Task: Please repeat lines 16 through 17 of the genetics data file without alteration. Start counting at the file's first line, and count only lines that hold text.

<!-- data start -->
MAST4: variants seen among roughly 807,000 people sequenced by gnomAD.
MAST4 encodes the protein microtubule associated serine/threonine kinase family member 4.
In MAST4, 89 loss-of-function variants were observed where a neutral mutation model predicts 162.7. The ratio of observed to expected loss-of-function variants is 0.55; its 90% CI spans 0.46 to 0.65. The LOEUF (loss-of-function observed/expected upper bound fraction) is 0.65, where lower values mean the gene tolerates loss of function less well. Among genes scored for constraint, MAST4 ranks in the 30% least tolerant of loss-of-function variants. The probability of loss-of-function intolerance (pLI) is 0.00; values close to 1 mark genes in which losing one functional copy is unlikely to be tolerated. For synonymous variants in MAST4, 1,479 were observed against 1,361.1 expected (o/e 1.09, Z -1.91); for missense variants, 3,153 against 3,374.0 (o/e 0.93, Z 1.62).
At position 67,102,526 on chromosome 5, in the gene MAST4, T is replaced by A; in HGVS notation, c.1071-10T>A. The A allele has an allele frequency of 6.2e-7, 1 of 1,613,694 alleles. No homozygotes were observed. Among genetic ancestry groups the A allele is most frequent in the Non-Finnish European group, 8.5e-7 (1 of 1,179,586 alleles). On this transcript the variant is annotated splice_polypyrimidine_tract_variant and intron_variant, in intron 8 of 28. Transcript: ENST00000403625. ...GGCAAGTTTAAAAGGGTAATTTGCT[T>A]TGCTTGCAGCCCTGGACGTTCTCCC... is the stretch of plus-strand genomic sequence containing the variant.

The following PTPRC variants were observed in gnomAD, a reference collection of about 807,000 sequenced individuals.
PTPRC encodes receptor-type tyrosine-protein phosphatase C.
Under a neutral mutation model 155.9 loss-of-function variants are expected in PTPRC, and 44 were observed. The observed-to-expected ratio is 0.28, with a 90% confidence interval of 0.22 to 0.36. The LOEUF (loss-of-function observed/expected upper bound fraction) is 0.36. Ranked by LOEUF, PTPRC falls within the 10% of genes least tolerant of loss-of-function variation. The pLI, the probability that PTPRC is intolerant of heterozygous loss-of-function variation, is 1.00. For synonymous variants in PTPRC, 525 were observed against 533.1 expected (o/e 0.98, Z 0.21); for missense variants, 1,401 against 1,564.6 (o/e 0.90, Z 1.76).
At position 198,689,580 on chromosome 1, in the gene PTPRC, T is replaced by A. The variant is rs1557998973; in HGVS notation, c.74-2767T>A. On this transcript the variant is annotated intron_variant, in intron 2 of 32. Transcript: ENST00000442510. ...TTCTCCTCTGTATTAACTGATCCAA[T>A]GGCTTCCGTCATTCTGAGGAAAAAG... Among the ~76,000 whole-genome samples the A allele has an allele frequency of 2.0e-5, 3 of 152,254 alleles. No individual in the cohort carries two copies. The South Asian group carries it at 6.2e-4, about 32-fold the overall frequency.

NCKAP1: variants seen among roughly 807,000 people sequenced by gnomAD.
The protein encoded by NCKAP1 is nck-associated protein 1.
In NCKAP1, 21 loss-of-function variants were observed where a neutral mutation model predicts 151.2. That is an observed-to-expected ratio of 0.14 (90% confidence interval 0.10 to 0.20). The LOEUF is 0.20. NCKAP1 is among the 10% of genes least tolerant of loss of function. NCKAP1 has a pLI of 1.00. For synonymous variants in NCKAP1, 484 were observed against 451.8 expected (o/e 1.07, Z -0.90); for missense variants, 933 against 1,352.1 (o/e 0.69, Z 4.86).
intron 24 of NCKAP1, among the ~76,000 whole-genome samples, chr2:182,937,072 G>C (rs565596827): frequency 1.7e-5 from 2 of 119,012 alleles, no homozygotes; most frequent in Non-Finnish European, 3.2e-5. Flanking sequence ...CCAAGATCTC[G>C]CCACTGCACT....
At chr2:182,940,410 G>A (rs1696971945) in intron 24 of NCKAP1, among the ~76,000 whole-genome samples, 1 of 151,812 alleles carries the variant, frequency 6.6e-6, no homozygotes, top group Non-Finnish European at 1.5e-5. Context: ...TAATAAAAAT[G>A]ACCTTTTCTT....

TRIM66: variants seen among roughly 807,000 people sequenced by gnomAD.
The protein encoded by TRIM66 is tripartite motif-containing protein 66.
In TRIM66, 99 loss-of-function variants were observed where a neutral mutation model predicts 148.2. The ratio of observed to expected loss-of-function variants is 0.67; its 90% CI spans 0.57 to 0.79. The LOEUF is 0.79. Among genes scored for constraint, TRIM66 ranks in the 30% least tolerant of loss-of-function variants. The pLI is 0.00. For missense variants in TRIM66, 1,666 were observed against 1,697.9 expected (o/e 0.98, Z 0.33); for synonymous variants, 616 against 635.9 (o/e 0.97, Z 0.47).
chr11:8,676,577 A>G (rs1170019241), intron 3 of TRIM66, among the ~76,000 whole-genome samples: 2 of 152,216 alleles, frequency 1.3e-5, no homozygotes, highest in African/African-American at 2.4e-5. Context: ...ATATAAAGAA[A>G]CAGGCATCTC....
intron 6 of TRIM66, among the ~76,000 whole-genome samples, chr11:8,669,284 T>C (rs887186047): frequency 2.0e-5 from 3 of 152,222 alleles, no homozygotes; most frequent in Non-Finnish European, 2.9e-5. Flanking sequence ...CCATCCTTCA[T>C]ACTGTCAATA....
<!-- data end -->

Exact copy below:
In TRIM66, 99 loss-of-function variants were observed where a neutral mutation model predicts 148.2. The ratio of observed to expected loss-of-function variants is 0.67; its 90% CI spans 0.57 to 0.79. The LOEUF is 0.79. Among genes scored for constraint, TRIM66 ranks in the 30% least tolerant of loss-of-function variants. The pLI is 0.00. For missense variants in TRIM66, 1,666 were observed against 1,697.9 expected (o/e 0.98, Z 0.33); for synonymous variants, 616 against 635.9 (o/e 0.97, Z 0.47).
chr11:8,676,577 A>G (rs1170019241), intron 3 of TRIM66, among the ~76,000 whole-genome samples: 2 of 152,216 alleles, frequency 1.3e-5, no homozygotes, highest in African/African-American at 2.4e-5. Context: ...ATATAAAGAA[A>G]CAGGCATCTC....